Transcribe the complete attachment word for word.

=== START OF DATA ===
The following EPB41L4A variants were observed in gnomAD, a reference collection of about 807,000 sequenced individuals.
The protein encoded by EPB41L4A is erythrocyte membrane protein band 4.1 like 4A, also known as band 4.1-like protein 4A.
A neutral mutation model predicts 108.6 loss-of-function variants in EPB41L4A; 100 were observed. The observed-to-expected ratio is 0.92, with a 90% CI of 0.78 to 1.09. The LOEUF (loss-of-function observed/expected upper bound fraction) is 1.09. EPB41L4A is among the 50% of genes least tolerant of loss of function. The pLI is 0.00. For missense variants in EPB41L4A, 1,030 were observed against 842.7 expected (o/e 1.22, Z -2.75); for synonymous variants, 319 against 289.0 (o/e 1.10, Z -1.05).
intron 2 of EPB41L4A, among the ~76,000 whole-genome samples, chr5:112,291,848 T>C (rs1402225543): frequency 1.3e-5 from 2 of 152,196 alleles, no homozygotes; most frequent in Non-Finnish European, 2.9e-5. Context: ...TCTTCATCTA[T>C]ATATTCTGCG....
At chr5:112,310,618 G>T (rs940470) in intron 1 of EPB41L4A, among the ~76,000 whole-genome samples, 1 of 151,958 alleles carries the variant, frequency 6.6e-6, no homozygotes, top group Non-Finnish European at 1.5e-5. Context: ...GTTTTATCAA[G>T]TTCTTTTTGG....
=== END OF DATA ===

The following EPB41L4A variants were observed in gnomAD, a reference collection of about 807,000 sequenced individuals.
The protein encoded by EPB41L4A is erythrocyte membrane protein band 4.1 like 4A, also known as band 4.1-like protein 4A.
A neutral mutation model predicts 108.6 loss-of-function variants in EPB41L4A; 100 were observed. The observed-to-expected ratio is 0.92, with a 90% CI of 0.78 to 1.09. The LOEUF (loss-of-function observed/expected upper bound fraction) is 1.09. EPB41L4A is among the 50% of genes least tolerant of loss of function. The pLI is 0.00. For missense variants in EPB41L4A, 1,030 were observed against 842.7 expected (o/e 1.22, Z -2.75); for synonymous variants, 319 against 289.0 (o/e 1.10, Z -1.05).
intron 2 of EPB41L4A, among the ~76,000 whole-genome samples, chr5:112,291,848 T>C (rs1402225543): frequency 1.3e-5 from 2 of 152,196 alleles, no homozygotes; most frequent in Non-Finnish European, 2.9e-5. Context: ...TCTTCATCTA[T>C]ATATTCTGCG....
At chr5:112,310,618 G>T (rs940470) in intron 1 of EPB41L4A, among the ~76,000 whole-genome samples, 1 of 151,958 alleles carries the variant, frequency 6.6e-6, no homozygotes, top group Non-Finnish European at 1.5e-5. Context: ...GTTTTATCAA[G>T]TTCTTTTTGG....